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Annex J: Indigenous Peoples Plan (IPP) of “Enhancing capacity for sustainable management of forests, land and biodiversity in the Eastern Hills”









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    Sustainable Development Goal 16 & Indigenous Peoples’ Collective Rights to Land, Territories & Resources 2021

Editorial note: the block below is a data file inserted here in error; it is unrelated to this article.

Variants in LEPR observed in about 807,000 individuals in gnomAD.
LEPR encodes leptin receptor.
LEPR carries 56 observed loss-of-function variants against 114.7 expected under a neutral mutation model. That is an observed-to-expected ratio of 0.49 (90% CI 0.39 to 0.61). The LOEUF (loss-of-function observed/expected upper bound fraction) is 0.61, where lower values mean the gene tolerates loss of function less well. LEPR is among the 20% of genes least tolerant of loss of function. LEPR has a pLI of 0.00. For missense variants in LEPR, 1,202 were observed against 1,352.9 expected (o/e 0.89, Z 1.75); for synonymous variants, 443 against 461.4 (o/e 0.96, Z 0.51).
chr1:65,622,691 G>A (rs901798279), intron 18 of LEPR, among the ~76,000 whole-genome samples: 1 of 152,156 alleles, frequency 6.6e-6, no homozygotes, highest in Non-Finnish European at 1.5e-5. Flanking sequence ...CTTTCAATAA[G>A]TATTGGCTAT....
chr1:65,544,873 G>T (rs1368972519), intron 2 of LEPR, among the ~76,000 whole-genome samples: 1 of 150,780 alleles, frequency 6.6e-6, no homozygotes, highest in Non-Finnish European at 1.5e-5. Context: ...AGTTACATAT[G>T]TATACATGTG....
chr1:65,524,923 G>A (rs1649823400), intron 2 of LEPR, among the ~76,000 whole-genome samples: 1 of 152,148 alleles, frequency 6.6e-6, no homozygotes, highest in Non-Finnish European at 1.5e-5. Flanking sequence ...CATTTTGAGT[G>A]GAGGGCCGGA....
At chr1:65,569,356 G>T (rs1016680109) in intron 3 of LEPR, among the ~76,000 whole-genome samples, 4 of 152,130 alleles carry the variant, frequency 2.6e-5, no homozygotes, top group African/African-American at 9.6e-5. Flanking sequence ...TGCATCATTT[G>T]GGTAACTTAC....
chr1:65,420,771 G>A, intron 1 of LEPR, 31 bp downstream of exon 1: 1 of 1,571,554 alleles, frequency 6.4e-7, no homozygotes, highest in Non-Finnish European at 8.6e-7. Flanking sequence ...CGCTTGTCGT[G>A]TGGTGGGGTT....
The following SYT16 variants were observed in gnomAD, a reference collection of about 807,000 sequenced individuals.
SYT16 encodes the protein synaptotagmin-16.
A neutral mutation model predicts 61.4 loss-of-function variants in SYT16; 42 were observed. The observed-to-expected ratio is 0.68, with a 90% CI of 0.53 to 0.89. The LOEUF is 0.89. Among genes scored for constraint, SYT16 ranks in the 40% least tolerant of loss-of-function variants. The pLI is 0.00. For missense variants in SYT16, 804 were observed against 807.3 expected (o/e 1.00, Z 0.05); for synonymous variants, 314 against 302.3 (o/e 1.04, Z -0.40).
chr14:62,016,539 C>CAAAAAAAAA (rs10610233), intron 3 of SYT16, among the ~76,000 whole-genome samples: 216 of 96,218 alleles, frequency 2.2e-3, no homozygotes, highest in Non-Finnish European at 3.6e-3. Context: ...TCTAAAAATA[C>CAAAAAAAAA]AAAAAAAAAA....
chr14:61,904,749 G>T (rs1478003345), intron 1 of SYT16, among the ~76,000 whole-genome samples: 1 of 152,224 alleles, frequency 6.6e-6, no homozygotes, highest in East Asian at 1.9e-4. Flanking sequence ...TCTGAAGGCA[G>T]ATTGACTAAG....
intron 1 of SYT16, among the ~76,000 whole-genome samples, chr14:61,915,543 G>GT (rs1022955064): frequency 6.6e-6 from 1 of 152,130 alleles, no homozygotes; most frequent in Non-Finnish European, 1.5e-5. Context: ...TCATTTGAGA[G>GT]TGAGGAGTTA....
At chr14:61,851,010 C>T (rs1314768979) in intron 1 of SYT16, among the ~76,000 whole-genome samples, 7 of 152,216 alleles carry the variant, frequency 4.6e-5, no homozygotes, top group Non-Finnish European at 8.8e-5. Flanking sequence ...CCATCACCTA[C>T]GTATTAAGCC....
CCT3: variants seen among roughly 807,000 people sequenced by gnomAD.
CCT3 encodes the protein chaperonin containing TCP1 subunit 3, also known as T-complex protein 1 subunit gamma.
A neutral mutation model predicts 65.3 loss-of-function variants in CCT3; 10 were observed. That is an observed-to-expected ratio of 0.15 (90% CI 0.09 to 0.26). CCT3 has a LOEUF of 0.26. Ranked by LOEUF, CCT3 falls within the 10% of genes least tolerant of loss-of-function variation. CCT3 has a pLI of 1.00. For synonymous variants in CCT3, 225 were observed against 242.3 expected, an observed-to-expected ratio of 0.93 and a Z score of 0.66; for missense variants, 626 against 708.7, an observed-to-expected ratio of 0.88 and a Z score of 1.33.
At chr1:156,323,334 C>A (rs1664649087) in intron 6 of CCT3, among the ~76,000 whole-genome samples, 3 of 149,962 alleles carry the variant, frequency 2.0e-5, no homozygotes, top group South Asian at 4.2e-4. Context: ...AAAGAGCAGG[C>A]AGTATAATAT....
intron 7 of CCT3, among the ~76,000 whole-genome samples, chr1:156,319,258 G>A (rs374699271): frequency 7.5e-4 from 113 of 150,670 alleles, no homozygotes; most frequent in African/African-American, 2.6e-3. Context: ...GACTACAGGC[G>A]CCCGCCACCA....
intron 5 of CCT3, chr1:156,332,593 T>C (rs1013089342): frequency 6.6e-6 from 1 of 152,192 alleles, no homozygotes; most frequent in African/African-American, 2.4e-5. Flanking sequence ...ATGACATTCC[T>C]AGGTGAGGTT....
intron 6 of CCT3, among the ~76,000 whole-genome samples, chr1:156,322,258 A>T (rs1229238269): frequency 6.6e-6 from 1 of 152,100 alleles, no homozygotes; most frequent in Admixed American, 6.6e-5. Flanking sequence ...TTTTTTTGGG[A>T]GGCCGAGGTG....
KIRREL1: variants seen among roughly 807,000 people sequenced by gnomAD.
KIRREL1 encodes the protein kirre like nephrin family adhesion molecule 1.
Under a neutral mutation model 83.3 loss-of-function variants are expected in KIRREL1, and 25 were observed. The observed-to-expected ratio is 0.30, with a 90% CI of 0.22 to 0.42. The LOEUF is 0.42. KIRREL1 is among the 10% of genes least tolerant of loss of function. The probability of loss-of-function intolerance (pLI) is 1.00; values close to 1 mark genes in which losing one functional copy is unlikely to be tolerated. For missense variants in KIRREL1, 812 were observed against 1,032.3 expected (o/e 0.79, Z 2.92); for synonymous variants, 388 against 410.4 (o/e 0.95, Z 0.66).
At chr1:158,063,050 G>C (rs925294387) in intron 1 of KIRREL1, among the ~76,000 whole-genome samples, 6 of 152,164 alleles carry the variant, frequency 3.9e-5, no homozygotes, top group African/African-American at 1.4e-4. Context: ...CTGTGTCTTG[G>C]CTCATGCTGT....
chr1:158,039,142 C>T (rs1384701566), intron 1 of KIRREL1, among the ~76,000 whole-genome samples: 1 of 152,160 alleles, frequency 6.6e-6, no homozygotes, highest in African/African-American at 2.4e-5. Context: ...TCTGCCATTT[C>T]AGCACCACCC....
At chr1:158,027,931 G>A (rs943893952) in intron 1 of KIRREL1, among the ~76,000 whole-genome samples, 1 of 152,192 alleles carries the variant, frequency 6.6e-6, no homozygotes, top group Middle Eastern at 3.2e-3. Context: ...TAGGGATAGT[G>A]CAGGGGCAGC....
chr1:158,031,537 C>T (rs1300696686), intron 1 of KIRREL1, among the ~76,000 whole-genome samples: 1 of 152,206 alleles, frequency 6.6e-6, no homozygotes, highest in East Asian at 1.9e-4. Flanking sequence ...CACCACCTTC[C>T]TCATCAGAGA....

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    Land rights are interlinked with peace and development, being the trigger for conflict and disputes involving Indigenous Peoples’ rights in almost every region in the world (United Nations Indigenous Peoples Major Group for Sustainable Development, 2019). Access to land is closely related to the right to adequate food, as recognized under article 25 of the Universal Declaration of Human Rights and article 11 of the International Covenant on Economic, Social and Cultural Rights. Natural resources are the main direct source of food for the majority of Indigenous Peoples. While land and water are central to food production, forest resources provide a basis for subsistence harvesting as well as for income-generating activities, e.g. through the collection and use of non-wood forest products. Thus Indigenous Peoples’ right to food often depends closely on their access to and control over their lands and other natural resources in their territories. For many traditional communities, especially those living in remote regions, access to hunting, fishing and gathering grounds for their subsistence livelihoods is essential for ensuring their adequate nutrition, as they may have no physical or economic access to marketed food (Knuth, 2009). There is therefore a key relationship between realising the right to food and improving access to natural resources which is also recognised by the Voluntary Guidelines to support the progressive realization of the right to adequate food in the context of national food security (Right to Food Guidelines) adopted by FAO Council in 2004. This paper has highlights the intrinsic relationship that exists between the collective of Indigenous Peoples to land, territories and resources, and SDG 16 on peace justice and strong institutions. In the light of the goals set out in the 2030 Agenda, the fulfillment of the entire SDGs for Indigenous Peoples depends on the legal recognition and legal protection of their collective rights as an essential condition for the implementation of the right to self-determination as enshrined in UNDRIP and the other international treaties. The legal protection of collective rights of Indigenous Peoples implies not only respecting their collective right to natural resources which is at the core of FAO’s mandate, but also their right to exercise their justice and governance systems. Respect for their institutions, legal regimes, and customary law within the framework of legal pluralism is an intrinsic part of SDG16, and the achievement of peace depends precisely on this.
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